On the bright side of things, my train from Chamonix did not leave until 10 o'clock in the morning, so I didn't have to get up particularly early and I was able to have a lingerly breakfast in an outdoor cafe just by the train station. On the minus side Plans were that Ihave 4 changes of trains and a 4 hour layover in Chambery, France and a 20 minute layover in Torino, Italy and would not arrive in Genoa until 11:30 p.m. Actually, it turned out to be much worse than that.
I was lucky that the first train was running. My new friend, who I met on the train in from Lyon, was to leave for Paris on this same train on Thursday and when he arrived it had been cancelled due to a strike. I found out later from the hotel staff that the strike had been a local thing, confined to the Regional line and was perhaps because "someone needed to do some shopping". Given all my connections, I was hoping that there would be no added complications. There weren't and the train left at the appointed hour for the 1 1/2 hour journey to St. Gervais.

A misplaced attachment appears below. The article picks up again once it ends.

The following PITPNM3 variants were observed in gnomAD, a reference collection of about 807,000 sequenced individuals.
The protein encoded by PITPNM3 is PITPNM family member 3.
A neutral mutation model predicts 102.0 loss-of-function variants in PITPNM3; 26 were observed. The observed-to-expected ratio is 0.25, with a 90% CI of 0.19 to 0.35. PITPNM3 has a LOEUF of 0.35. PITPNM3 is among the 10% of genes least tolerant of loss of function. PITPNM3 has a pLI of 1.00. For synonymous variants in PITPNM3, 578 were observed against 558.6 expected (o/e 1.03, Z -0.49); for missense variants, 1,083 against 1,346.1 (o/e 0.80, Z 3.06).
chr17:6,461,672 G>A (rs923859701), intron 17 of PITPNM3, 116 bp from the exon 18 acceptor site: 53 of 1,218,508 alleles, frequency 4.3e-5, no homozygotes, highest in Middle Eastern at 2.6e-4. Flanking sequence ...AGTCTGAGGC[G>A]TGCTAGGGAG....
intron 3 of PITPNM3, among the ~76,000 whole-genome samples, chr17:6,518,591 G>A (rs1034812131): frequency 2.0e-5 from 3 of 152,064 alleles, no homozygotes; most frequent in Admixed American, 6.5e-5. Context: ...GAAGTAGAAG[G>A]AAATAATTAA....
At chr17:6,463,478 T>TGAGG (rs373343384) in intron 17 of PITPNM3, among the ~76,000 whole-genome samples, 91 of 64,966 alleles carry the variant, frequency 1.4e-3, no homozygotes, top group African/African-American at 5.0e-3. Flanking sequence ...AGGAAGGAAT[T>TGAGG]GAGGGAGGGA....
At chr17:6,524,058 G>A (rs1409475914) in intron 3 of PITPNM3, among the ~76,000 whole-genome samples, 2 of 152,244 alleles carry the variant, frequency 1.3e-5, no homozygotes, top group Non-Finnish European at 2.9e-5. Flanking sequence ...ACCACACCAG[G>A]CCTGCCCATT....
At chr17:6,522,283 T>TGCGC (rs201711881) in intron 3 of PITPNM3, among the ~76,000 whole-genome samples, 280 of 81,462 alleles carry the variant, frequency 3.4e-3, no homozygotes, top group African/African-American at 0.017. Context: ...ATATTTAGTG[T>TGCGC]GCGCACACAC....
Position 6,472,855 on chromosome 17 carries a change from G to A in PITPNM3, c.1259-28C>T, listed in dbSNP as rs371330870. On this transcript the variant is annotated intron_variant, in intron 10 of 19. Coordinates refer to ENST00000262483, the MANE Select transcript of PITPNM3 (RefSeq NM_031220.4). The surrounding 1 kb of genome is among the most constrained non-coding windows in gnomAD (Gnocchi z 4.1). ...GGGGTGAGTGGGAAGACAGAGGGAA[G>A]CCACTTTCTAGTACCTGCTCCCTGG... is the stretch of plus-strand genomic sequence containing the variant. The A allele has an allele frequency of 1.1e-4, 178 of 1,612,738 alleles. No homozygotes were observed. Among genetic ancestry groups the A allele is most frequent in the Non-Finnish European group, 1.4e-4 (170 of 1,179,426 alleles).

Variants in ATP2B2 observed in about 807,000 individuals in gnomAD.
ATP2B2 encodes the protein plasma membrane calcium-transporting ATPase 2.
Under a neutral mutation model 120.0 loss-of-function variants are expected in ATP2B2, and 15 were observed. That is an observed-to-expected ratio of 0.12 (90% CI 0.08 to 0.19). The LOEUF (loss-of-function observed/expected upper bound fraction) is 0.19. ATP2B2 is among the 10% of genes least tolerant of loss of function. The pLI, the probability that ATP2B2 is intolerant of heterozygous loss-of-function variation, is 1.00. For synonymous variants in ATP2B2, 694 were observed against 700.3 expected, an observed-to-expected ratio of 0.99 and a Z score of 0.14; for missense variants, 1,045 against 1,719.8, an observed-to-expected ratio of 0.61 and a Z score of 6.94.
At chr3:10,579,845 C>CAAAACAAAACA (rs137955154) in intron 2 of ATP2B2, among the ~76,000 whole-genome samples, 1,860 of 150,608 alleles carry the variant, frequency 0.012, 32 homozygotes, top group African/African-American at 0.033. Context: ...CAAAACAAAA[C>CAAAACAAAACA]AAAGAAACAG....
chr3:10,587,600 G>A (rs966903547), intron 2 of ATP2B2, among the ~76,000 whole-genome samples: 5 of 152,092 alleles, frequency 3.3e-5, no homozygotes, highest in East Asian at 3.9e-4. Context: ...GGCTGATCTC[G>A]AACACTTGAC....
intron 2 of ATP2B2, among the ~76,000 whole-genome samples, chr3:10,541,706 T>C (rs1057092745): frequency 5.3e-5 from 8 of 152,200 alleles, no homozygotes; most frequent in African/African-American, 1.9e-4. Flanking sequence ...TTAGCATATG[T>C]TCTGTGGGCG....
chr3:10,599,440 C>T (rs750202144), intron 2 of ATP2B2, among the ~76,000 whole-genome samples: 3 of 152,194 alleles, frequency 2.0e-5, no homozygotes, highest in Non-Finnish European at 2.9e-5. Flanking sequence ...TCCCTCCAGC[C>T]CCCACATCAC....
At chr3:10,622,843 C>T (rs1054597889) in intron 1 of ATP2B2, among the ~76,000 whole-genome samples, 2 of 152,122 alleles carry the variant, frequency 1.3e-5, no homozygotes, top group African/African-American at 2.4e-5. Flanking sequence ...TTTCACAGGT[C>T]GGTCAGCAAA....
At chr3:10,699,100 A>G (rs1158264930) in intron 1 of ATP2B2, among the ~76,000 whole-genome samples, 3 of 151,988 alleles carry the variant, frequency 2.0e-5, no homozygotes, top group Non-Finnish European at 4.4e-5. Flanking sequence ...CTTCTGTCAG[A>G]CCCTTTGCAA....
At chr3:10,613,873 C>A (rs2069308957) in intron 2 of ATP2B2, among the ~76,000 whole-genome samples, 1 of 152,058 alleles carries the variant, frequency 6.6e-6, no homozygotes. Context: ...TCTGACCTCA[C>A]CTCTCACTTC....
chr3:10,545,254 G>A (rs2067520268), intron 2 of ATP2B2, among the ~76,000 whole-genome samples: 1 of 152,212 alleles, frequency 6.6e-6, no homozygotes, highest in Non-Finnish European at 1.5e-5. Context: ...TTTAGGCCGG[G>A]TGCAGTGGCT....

It was a very pleasant ride in the panoramic train cars that are used on this line. We wound through the narrow passes in the valleys making our way to St Gervais which is the doorway to the alps from the south west of France.
From there I hopped onto the train for the 1 1/2 hour ride to Annecy. This is a TGV train and I had comfy a first cass seat, which enabled me to recharge my iPad as I used it to catch up on my reading - Rick Steve's Italy guide book. If you look at the map below (cut and pasted from map quest) you can see the distance travelled is not that far. St Gervais is in a big valley, but it is surrounded by mountains, so it isn't a straight line from a to b. It took a windy path thought the valley and foothills and went through several tunnels before we got to Annsey. The scenery is a picturesque view of green alpine meadows and I am in a mellow mood as I write this blog.